From a conveyancing perspective it is very important to distinguish between positive and negative personal servitudes. The reason is due to the fact that different sections of the Deeds Registries Act 47 of 1937 ("the Act") apply when creating and registering these servitudes.
In the case of a positive personal servitude, the owner of the land burdened by the servitude must allow the holder of the servitude to exercise some right or benefit on the land in question (the servient tenement). The common law recognized three positive personal servitudes, namely usufruct, habitation and usus. Presently, there is no numerus clausus for positive personal servitudes and as stated the test that needs to be applied is whether the beneficiary of the servitude has the right of access to the servient tenement to exercise some right or derive some benefit from the land, e.g. right of way, right to collect fire wood, power line servitudes, etc.
A negative personal servitude, on the other hand, merely prohibits the owner of the land from exercising one or other of his/her inherent rights of ownership. In other words the owner is restricted from exercising a right, and the beneficiary or holder of the personal servitude has a veto right should the owner of the dominant tenement wish to do so. These servitudes are nothing more or nothing less than restraints, prohibiting the owner of the land from doing something. Most conditions imposed under the Municipal Ordinances or by township developers (transferors) are in the nature of restraints, for example prohibiting the owner from subdividing without the necessary consent, prohibiting more than one building to be erected on the land, prohibiting the transfer of the land without the consent from the Home Owners' Association, etc.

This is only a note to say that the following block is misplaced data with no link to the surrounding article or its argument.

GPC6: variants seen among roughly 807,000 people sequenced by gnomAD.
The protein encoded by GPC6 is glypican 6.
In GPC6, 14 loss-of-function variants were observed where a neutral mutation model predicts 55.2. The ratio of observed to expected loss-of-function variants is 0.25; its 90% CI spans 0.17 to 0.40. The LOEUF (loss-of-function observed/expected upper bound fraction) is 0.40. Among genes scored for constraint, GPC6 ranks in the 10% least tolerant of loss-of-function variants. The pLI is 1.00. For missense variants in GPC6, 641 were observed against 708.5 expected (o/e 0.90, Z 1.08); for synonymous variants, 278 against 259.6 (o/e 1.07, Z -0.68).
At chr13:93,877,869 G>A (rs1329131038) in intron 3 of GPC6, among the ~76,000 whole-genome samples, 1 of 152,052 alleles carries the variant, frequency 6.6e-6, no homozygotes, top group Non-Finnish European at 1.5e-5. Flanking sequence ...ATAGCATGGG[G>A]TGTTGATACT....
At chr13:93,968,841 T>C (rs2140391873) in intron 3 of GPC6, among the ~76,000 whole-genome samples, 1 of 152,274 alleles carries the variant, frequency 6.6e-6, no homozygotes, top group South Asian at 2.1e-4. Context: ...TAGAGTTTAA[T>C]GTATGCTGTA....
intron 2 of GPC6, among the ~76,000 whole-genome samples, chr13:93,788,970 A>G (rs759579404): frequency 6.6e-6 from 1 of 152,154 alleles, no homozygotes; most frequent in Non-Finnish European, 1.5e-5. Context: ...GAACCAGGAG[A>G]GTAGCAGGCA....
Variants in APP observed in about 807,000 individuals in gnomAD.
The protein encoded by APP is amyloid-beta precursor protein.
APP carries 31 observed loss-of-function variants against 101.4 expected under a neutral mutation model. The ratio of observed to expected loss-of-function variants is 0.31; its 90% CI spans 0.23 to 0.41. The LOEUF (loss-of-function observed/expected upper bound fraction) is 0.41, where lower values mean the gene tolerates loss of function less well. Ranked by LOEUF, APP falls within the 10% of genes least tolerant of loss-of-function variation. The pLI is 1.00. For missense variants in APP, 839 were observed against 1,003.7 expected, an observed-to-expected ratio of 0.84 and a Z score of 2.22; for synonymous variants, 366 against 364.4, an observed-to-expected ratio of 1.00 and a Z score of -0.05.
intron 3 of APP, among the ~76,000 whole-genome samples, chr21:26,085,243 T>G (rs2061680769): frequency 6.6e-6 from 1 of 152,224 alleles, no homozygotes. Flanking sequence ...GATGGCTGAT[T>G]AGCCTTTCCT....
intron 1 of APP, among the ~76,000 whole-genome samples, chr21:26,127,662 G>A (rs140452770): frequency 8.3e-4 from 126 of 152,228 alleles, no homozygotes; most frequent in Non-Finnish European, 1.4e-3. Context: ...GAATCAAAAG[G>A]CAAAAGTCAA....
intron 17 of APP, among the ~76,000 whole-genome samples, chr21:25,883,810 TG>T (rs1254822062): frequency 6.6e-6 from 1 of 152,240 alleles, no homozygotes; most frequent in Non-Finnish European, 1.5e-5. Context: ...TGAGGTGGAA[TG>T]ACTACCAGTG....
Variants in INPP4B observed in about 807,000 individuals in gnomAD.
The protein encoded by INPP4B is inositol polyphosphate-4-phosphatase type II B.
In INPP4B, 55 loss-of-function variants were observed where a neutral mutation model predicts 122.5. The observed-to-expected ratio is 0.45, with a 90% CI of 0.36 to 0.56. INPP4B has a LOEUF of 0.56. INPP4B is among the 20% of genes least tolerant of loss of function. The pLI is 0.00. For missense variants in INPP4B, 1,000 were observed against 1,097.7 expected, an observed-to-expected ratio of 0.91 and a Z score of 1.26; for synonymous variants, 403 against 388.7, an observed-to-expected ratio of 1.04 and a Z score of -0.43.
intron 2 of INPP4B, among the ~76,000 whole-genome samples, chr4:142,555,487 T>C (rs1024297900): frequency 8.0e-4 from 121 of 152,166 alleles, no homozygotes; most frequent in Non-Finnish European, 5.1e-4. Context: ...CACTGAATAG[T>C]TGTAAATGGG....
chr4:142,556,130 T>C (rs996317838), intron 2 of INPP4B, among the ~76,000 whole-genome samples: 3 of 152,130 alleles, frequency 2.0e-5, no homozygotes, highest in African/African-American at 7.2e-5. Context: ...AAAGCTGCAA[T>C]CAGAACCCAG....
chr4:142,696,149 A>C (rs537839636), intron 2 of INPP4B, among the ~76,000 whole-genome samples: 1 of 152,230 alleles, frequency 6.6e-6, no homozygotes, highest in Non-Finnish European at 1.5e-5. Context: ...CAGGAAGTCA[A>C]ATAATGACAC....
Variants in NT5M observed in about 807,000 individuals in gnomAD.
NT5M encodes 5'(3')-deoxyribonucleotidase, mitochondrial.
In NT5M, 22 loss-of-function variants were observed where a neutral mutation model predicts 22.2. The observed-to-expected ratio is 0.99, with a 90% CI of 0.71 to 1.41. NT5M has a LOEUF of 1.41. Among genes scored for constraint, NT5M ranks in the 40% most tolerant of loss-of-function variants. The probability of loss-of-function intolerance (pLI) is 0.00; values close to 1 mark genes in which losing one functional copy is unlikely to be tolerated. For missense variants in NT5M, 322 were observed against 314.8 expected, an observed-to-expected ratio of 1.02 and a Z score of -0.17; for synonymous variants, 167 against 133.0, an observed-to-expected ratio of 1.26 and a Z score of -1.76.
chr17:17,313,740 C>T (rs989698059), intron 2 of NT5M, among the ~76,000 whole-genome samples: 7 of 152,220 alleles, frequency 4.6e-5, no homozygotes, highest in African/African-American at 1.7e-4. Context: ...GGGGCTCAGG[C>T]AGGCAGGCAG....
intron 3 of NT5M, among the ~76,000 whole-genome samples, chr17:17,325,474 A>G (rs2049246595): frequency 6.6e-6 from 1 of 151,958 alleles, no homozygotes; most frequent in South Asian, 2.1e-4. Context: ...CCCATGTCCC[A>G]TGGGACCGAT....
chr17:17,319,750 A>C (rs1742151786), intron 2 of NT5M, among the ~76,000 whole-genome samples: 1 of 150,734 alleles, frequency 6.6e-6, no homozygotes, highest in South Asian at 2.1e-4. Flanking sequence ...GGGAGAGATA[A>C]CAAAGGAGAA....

CREATION OF POSITIVE AND NEGATIVE PERSONAL SERVITUDES
Section 65(1) of the Act provides that all personal servitudes, whether positive or negative, may be created by a bilaterally executed and attested notarial deed entered into between the owner of the land and the beneficiary (holder of the right).
Exception to General Rule
Section 65(1) of the Act provides a registrar of deeds with a discretion to allow for the registration of a unilaterally executed and attested notarial deed where the beneficiary is the general public or some of the owners of erven in a township.
Regulation 61(2) furthermore allows a registrar of deeds to accept for registration a unilateral notarial deed of cession of a personal servitude, provided such deed does not impose any obligation upon the cessionary. It is, however, submitted that this regulation is ultra vires the provisions of section 65(1) of the Act, which provides for the bilateral notarial registration.
Where positive or personal servitudes are created unilaterally, it is submitted that the notarial deed, embodying such servitude, must disclose that the beneficiary has accepted the servitude and such acceptance must be retained in the notaries protocol.
Reservation in a Deed of Transfer
Section 67 of the Act provides for a further exception to the general rule alluded to above in that a personal servitude, positive or negative, may be reserved by way of a condition in a deed of transfer of land, provided the reservation is in favour of the transferor; or the transferor and his/her spouse, or the survivor of them, if they are married in community of property; or the surviving spouse if transfer is passed from the joint estate of spouses who were married in community of property.
However, irrespective of the provisions of section 67 of the Act, a negative personal servitude (restraint) can always be created in the deed of transfer, in terms of last proviso of section 65, provided:
- it is capable of being enforced by some person who is mentioned in the said servitude; and
- such person has accepted the right.
The provisions of this proviso
are mostly utilized with the creation of restraints enforceable by Home Owners' Associations. However, cognizance must be taken of the fact that no creation is necessary where the restraint is created by statute, for example the Municipal Ordinance. Section 65(1) of the Act clearly provides that "save as provided for in any other law ….." (see also RCR 14 of 2009).
There is a distinct difference between positive and negative personal servitudes as well as the manner of creating such servitudes.
By: Allen West